E3 2K3 was my first E3. Most people are expecting me to say that I was wowed beyond all preconceptions and that it's like nothing I'd ever seen. It wasn't. I live in Las Vegas; I've been to 5 COMDEXes and 3 CESes. I know conventions like they're the back of my hand. That's not to say that E3 wasn't the best convention I've ever been to - it was - but it wasn't anything particularly new for me. I was one of the last to arrive and the first to leave at this show, sadly, due to final exams. When I got in, I discovered that Rob and Nicole were out drinking. When Stephen attempted to find out where they were from Rob, he could only reply, "We're, uh, in a place with a lot of big buildings." They made it back to the hotel. Eventually.
When I first got to the show, Chris and I decided we'd go and have free-reign on the floor before our first appointments. The first booth we stopped at was some company that was porting games to the GBA -- I can't remember their name. The one thing that blew me away is that apparently they were porting Wing Commander: Prophecy to the GBA, and they had it playable. Needless to say, the game does NOT port well to the GBA. The console has the same amount of buttons as a standard joystick. Wing Commander uses the keyboard, too. It just didn't work. After browsing a few mind-numbing booths, I visited Natsume with Liz to talk about Harvest Moon and Natsume's new GBA RPG: Cima. It was fun, Graham Markay was a nice guy and we got to meet the president of Natsume USA. After browsing with Liz and Mike for a bit, I met up with Rob (who was now sober) and I went to Bethesda to talk about Pirates & Bloodmoon. Pirates of the Carribean looks decent, it almost reminds me of the game Pirates! Gold for the Genesis. It was one of my old favorites. They were also showing TES3: Bloodmoon, which I was very interested in. The PC running it crashed when they tried to load it up, so we played the Game of the Year Edition for the Xbox which includes the two expansions in addition to the original. The game didn't look so hot on the Xbox at that point, but the textures were still PC and had not been optimized for the Xbox. After exchanging cards, we got a copy of Bethesda's Press Kit -- which when we got back to the Press Room and put it into a computer turned out to be a blank CD-R. I still have it. We went back the next day and got 3 more so it didn't happen again. My favorite part of Day 1, and perhaps the funniest part of the entire show, was the Simon & Schuster Interview. I'd not yet written up the Bethesda interview when I went to see EVE online with Rob. After about 10 minutes and I was bored out of my mind, I told Rob I was going to go write up Bethesda. Rob was left with the S&S developer who had an unhealthy obsession with the game's Warp Drive. Other than that, Wednesday closed pretty uneventfully, the staff hung out at the hotel and played some games. Stephen handed me a wrapped present before I went to bed and it was a GBA SP and Phantasy Star Collection. I was awed. Then I went to sleep, after playing gratuitious amounts of Phantasy Star 3.
The second day of the show was probably my favorite. Day 2, Chris and I raided Kentia Hall for the second time. For those who don't know, There are four major halls at the LA Convention center: West, North, South, and Kentia. Kentia Hall is where everything foreign, crappy, or from small developers is. Needless to say there were only about 2 or 3 cool things in Kentia Hall. One of them was a rearrangable keyboard that seemed like it could be badass for gaming. The other was VGA Boxes for the PS2 and Xbox -- something I desperately need to play video games at school. Stephen and I hit up Codemasters to go talk to Peter Tyson, who's quite a nice guy, about Dragon Empires. Dragon Empires seems like it can be a good MMOG if they can fix up the character models. Everything seems like it's a novel concept and the environments look great, but the character models look like crap. After staring at the American Idol game for a few seconds, I decided that I'd get them back. And I did on Day 3. Rob had yet to show up at the show when the time rolled around for his Sammy interview, so I decided to go with Chris, who was my "E3 Buddy", ala Penny Arcade. Well, as everyone knows, Sammy doesn't make very many RPGs. When we got to the booth we were handed a random PR chick and she took us to see: *dramatic pause* Lethal Skies II! Hot damn, a flight simulator! After playing a level and crashing myself into the ground, she took us to see the "other" "RPG" at their booth, Seven Samurai. This woman said, and I quote, "This is a game about Samurai. I think there's seven of them." Holy crap. Well, Seven Samurai turned out not to be an RPG, it's an action game that's mind-numbingly dull. Sigh. After walking around some more with Chris, I met up with Stephen to go to my favorite interview of the day: Bioware. For those who don't know, I was the only real PC gamer from RPGFan at the show. Brian wasn't able to attend this year and Josh wasn't old enough, so I was the guy who got all the interviews with PC companies. Bioware showed us, first, the best game at the entire show, Knights of the Old Republic. Read my preview, this game is hands down awesome. I want this game to have my children some day. The game was everything I expected it to be. Probably the best part was the bug I found, however. When Scott McLaughlan, the Director of Marketing at Bioware, pulled out two Vibro-blades, they both made lightsaber noises. I was the only person who noticed and was told: "Uhh.. It's a bug we're working on." Funny. Scott then took us over to a PC that was running the new NWN expansion, Shadows of Undrentide. The expansion includes over 50 new spells as well as the addition of Prestigue classes. To my dismay, however, the Blackguard (Anti-Paladin) class didn't allow the sacrificing of Paladin levels to get free levels as you can in Paper & Pen D&D. Otherwise the game looked stellar, and Bioware also announced the 2nd expansion, Hordes of the Underdark. After leaving Bioware's booth, I realized that I'd just turned down free alcohol, so Stephen and I went to Blizzard's booth to try to score an appointment. While we waited, we played Starcraft: Ghost and World of Warcraft, both of which look and play simply amazing. Sadly, our demo for WC3: Frozen Throne wasn't behind closed doors, it was in an open area, so it was impossible to hear anything. The game did look good, however, and it fixes a lot that was wrong with WC3, mainly magical units being too powerful. From there on out we went to City Walk to go see the Matrix: Reloaded. It was good, nothing truly spectacular, but I think I'll appreciate it more when the third movie comes out. After some gay antics with Chris, we went back to the hotel and I slept on the floor, again.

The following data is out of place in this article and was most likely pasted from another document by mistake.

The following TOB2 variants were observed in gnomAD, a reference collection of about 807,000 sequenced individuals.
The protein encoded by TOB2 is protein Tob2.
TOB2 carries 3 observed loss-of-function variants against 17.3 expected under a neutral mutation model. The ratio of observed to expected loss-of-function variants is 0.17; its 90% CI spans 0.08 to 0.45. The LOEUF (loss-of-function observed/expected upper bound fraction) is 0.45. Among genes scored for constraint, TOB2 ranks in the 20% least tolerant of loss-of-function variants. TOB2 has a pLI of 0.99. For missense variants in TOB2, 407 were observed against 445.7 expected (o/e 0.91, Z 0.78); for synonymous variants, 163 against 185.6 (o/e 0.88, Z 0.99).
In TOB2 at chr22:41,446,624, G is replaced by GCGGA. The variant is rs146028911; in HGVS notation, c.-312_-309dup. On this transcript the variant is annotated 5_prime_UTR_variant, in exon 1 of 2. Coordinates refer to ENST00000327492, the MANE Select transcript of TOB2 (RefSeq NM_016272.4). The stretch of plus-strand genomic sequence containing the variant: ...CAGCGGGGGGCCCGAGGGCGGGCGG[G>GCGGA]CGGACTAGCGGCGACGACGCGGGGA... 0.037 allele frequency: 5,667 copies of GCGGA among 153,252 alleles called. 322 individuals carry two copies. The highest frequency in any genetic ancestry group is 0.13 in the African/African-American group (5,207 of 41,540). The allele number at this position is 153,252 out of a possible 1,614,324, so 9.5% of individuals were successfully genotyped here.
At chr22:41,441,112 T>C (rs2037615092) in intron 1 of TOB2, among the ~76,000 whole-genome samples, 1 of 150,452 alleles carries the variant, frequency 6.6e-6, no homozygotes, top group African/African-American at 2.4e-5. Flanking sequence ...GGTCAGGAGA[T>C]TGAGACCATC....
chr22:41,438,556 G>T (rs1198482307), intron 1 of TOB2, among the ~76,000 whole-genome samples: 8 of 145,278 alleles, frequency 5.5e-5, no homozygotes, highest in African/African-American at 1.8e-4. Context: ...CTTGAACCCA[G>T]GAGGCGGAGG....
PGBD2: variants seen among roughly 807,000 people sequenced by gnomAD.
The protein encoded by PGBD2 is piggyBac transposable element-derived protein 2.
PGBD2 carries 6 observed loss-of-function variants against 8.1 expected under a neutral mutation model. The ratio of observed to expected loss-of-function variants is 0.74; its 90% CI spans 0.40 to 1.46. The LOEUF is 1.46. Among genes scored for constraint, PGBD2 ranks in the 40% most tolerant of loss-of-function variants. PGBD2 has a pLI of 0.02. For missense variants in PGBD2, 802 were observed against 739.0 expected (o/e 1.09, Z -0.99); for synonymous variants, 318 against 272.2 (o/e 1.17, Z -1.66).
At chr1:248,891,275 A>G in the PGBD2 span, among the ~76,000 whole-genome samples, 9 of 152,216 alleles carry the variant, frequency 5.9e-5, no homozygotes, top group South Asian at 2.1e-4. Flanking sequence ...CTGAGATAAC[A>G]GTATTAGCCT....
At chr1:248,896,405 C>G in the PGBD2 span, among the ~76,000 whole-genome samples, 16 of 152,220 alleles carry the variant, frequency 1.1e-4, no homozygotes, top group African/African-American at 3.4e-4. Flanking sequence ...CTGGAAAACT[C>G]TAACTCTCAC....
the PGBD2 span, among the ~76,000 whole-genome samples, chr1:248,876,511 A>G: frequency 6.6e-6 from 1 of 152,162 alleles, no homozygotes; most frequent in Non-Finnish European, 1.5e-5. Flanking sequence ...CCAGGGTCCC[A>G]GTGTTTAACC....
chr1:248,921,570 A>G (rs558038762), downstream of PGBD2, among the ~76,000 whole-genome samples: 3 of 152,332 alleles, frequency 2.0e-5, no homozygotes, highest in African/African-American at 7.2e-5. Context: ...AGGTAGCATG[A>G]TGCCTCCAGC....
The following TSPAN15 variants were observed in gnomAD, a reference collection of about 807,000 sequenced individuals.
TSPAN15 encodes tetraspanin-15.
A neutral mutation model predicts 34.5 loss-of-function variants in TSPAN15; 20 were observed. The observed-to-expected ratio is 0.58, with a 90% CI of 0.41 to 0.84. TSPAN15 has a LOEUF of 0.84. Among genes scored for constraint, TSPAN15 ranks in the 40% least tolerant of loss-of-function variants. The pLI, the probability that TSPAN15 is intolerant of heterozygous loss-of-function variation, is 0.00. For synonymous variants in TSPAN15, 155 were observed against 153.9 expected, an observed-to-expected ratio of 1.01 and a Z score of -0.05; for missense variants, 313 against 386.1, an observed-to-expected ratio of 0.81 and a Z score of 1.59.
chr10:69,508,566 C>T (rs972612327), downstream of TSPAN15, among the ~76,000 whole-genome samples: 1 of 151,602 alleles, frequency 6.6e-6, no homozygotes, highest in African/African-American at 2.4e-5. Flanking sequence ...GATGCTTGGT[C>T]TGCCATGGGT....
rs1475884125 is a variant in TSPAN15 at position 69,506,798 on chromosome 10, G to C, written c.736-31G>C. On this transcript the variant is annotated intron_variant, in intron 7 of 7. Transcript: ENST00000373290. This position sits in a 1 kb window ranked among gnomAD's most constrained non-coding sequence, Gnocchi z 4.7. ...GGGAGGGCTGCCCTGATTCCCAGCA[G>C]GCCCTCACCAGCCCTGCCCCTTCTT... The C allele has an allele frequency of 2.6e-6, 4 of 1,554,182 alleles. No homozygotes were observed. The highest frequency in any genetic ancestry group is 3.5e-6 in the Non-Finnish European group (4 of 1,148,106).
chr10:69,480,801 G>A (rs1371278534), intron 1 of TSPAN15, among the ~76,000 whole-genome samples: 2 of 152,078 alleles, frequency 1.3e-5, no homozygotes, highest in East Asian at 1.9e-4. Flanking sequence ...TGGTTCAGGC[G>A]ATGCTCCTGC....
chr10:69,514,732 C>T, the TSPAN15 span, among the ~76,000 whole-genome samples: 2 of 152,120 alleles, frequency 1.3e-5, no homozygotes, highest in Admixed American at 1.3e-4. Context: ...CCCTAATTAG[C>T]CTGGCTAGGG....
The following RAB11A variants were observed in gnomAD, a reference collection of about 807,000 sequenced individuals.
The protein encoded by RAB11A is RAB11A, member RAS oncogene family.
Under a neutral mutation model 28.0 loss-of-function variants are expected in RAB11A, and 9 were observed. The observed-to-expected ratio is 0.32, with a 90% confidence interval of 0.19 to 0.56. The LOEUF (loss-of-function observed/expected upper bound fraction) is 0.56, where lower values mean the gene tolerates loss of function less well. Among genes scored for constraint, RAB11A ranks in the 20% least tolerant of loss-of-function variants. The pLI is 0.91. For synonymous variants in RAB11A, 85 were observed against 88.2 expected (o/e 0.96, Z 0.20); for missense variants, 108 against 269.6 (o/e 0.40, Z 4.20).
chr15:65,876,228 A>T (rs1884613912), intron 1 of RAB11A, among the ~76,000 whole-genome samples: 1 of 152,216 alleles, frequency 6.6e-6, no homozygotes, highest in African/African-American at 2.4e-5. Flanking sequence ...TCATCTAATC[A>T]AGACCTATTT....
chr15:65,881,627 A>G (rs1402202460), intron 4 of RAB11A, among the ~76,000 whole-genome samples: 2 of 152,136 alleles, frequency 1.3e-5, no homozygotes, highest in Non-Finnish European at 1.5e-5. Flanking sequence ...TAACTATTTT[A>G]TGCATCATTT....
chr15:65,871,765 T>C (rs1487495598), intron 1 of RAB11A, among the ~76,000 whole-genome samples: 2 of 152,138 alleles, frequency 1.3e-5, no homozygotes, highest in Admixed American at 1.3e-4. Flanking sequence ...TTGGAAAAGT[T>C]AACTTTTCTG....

The third day of E3 is the shortest, as the show closes early, but it was still fun. I sat down and played Konami's TMNT game and was very impressed, it plays like a great beat-em-up. After traipsing around a few halls, Chris and I headed back to Kentia hall to visit 1C, a Russian publisher. Both of us were expecting the interview to be subpar, but 1C actually had some cool games. They were showing 1 SRPG, 1 traditional RPG, and 1 MMORPG. The SRPG is what caught my attention the most. The game engine itself seems only decent, but the cool thing about it was that everything was destructable. We took and old german tank and were shooting chickens with 50mm cannons and running over houses. They just had a video running of their traditional RPG, but it seemed like it would be fun with its mix of magic and technology. Their MMORPG was lacking, but it wasn't very far into development, way before the pre-alpha stages. After 1C, Chris and I walked around Kentia Hall some more and decided that we'd go to CodeMaster's booth so that I could reap my revenge on American Idol. They took me up on stage and asked me what I thought of the game. Me, playing a lot of music games, said it was a standard music game, which insulted them to no end. In an attempt to spite me, the PR guy said, "Well, this game is meant for 7 to 17 year old girls, so let's ramp up the difficulty and see how John does!" I killed the demo. They weren't expecting me to be able to pick up their game and play it, but they looked at me flabbergasted, gave me a hat, and I left. Chris and I then decided we'd hang out in the media room and do write-ups. So we went to the media room and did write-ups and I waited for Eric to go to LucasArts. I get a call from Rob like 15 minutes before LucasArts' interview and I'm told that "We're at Sony's booth. You need to come down here so that we can get video of you playing with the Eye Toy. You've got to do The Run." I've left this unexplained so far; when I get bored, I do strange things. During E3, it was this thing I kept doing when I bent over and started running in place. It was weird, to say the least. I went to Sony's booth and played with the Eye Toy and flailed like an idiot, which we have videos of, and then headed to LucasArts all sweaty. We met with Ronda, our contact at LucasArts and were shown Knights of the Old Republic (again), Gladius, which looked like it could be a really good SRPG and Star Wars: Galaxies, which I want to play but know that every which fanboy will be playing their "Jedi". After LucasArts, I hung out in the media room and waited to leave, because I was so tired, and just sat by RPGamer's staff staring at them. When they got up to leave I waved and said, "Bye Bye, RPGamer, I love you!" They looked at me funny. We headed back to the hotel and planned to get Pollo Campero, the Crack Chicken, but Justin and I had planes to catch, so we got a taxi and headed to the airport. Justin's bag got searched at the airport because he had steel-toed boots, so I waited for him there. They were also gawking at my tube and asked me several times what was in there. It's posters. Really, guys, I've got them at home, now. We hung out in the terminal for a while and his flight left and I went and boarded mine. I was happy to sleep in my own bed, but I miss all the people I've grown to hate at RPGFan already.